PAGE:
Ishay Govender-Ypma is a journalist, writer and cook based in Cape Town. She grew up on the ambrosial, sometimes hellfire curries of KwaZulu-Natal and quickly embraced spiced dishes of all kinds.

Her new book, CURRY – Stories & Recipes across South Africa, explores the fascinating story of South African curry. In it Ishay features almost 90 recipes from 60 cooks and food experts across the nation.

Ishay avers that “the Durban curries of her childhood, though a proud and prominent part of South African food culture, are not the defining curries of this land.” She didn’t take the easy way out in seeking recipes for inclusion in this book, instead she and her husband took to the road, travelling across the breadth of nine provinces. On the trip, both the dish and the heart of our people revealed itself to her.

“It became increasingly clear that a recipe shared without the context of a person’s life would be lost on me, the reader and the interviewee. While there are a handful of well-recognised chefs here, the majority are home cooks who were elected and suggested to me by their communities.”

CURRY is not an ordinary cookbook. For a start, Ishay’s Introduction is a marvellous and important discourse on the socio-political South African context of the history of curry and its communities. Even if you are not going to tackle any of the recipes, it will add some depth the next time you eat a curry locally. And with each provider of recipes, there is a personal back-story, adding authenticity and a setting to the dishes they share with the reader.

A plus, not common to all cookbooks, is that all the ingredients for the recipes should be readily available at your local supermarket.

Is Durban curry the real thing for you? Or maybe it’s the Cape Malay curry that gets your taste buds going? If that’s the limit of your local curry experience, you are in for a treat…

As Ishay says: “And I learned that profiling a South African curry as a single entity is a futile task. It’s as complex and interesting as the many people who make up our land”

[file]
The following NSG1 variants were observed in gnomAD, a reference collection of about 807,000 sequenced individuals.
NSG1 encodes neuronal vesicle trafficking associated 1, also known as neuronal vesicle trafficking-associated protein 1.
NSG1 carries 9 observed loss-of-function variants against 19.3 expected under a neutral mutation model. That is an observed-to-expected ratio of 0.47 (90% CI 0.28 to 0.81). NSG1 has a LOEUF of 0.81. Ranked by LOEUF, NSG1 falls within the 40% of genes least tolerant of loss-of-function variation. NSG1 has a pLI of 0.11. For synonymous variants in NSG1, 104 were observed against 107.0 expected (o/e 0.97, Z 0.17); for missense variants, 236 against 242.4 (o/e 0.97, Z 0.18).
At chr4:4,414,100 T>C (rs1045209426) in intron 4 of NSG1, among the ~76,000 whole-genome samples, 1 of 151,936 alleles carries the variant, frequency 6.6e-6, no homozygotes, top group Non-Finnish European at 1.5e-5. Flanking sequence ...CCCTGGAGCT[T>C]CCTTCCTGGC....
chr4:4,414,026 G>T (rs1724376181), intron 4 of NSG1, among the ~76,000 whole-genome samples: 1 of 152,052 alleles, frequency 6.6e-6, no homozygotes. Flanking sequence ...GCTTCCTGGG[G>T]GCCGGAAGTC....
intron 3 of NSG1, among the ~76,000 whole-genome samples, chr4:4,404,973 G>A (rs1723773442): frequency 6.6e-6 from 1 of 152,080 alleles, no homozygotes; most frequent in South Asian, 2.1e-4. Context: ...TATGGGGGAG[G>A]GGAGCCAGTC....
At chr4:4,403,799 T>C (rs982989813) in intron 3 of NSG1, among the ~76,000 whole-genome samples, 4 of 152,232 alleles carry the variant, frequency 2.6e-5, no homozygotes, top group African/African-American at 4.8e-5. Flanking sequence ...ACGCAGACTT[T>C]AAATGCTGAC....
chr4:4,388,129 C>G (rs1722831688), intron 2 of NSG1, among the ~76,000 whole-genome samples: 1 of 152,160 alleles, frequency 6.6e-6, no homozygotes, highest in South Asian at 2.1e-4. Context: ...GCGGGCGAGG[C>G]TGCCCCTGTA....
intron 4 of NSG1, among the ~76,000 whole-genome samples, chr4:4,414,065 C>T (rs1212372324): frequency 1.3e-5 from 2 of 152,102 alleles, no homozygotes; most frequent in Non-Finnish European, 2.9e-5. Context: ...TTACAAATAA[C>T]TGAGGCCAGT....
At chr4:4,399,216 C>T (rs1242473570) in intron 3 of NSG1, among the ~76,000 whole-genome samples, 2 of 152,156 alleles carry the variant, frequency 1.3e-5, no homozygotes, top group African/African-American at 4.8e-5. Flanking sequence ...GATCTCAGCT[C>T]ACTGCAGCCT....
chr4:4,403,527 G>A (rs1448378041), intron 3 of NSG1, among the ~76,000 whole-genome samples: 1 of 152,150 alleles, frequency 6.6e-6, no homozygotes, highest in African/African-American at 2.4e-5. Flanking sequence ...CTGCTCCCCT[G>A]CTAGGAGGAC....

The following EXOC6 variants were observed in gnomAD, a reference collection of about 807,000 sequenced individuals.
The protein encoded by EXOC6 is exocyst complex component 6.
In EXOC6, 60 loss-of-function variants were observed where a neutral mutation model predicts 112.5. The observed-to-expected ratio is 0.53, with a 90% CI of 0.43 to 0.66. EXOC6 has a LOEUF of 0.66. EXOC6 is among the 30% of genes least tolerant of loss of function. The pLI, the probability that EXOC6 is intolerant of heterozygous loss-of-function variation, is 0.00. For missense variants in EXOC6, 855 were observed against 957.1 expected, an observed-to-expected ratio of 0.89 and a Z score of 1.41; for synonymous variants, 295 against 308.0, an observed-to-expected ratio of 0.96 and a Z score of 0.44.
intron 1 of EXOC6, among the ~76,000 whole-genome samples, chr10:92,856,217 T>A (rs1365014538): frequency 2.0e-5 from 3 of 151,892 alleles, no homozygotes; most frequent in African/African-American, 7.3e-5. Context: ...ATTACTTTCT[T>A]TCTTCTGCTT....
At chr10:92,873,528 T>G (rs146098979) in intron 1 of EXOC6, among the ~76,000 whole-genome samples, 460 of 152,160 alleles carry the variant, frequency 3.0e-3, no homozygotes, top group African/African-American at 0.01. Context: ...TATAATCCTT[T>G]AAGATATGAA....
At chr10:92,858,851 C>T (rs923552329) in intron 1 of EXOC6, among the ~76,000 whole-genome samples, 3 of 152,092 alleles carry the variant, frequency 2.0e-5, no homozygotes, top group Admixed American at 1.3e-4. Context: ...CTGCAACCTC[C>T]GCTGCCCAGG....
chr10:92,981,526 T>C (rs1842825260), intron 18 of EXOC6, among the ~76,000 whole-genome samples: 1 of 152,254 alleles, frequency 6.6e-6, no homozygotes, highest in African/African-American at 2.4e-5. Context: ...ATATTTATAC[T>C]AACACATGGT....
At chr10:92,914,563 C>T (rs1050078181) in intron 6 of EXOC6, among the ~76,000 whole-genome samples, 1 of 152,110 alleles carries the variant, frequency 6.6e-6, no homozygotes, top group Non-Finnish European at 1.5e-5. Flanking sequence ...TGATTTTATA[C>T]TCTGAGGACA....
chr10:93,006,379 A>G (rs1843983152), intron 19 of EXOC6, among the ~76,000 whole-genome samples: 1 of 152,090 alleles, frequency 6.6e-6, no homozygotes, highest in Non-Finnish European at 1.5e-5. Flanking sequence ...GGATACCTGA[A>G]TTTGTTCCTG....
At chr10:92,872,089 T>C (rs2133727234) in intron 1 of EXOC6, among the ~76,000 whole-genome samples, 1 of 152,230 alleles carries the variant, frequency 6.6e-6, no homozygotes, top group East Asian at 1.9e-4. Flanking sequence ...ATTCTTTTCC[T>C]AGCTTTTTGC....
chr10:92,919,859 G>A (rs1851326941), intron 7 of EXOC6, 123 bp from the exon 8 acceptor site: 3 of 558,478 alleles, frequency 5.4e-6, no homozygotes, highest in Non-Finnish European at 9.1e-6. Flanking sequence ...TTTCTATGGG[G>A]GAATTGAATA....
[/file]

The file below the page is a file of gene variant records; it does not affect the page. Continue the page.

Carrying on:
So delve into CURRY’S   regional nuances of the delicious diversity that is South African curry – I’m sure that you will agree that in more ways than one, variety is the spice of life.





The iconic main building at Dewetshof Estate in Robertson

I remember the first time I tasted chardonnay.

It was in the mid-1980s and at the time, I was living in Johannesburg. A visiting family member brought me a bottle up from Cape Town.

Of course, the chardonnay was from the pioneering Dewetshof Estate in Robertson-what else?

What are my memories of that first taste?

Unfortunately I can’t share with you my nose/palate memory of it, I remember downing so much of it, and enjoying very last drop, but 500ml is a lot of wine on an empty stomach………

Fast forward a few decades – I recently attended a luncheon to launch Dewetshof’s Limestone Hill Chardonnay 2017 held La Tệte Restaurant in Cape Town’s super-trendy Bree Street.

DWH Limestone Hill Chardonnay 2017


Now La Tệte has quickly earned a reputation for delivering its Head to Tail philosophy and also offering diners wondrous offal dishes…..

On arrival, my brain clicked in and the inappropriateness of pairing offal with chardonnay….so what dishes would we be served?

I tried a sip of the Limestone Hill before our first course was served. It is unwooded and offered some citrus and nuttiness.

Not being that knowledgeable on matters food and wine pairing, I found it amazing how different the wine tasted with each dish.

We started with a pork dish, which for me (apologies for my lack of sophisticated descriptive words) made the wine taste very very chardonnayish.

Our main was a gloriously crusty and juicy Hake Pie which made the Limestone Hill Chardonnay taste sweeter than it did on its own or with the pork.



A truly versatile wine from the pioneers of South African Chardonnay, one that works well on its own or with food.





Dear La Tệte, it won’t be offaly long before you see me again!



Over the past 20 years or so, our visits to Somerset West have largely been to take part in running races on the Lourensford and Vergelegen wine farms. To get there from Cape Town, one takes the Somerset-West turn-off from the N2, turn right onto the Main Road and then left into Lourensford Road.

But recently (and happily) my wife and I strayed off course. Instead of turning left into Lourensford, we turned right into Bright Street and headed for lunch at Imibala Restaurant.

Trying a restaurant “on the other side of the main road” appeals to my inbred passion for things new, so when a colleague suggested giving Imibala a try….

Often one approaches a new restaurant experience with a fair degree of expectation and maybe even some apprehension…….

We were pleasantly surprised!

The first thing we noticed on entering the restaurant was its homely but elegant decor and we had a corner table which afforded us a view of the whole room. Although it was mid-week, the place was busy, which immediately said something positive.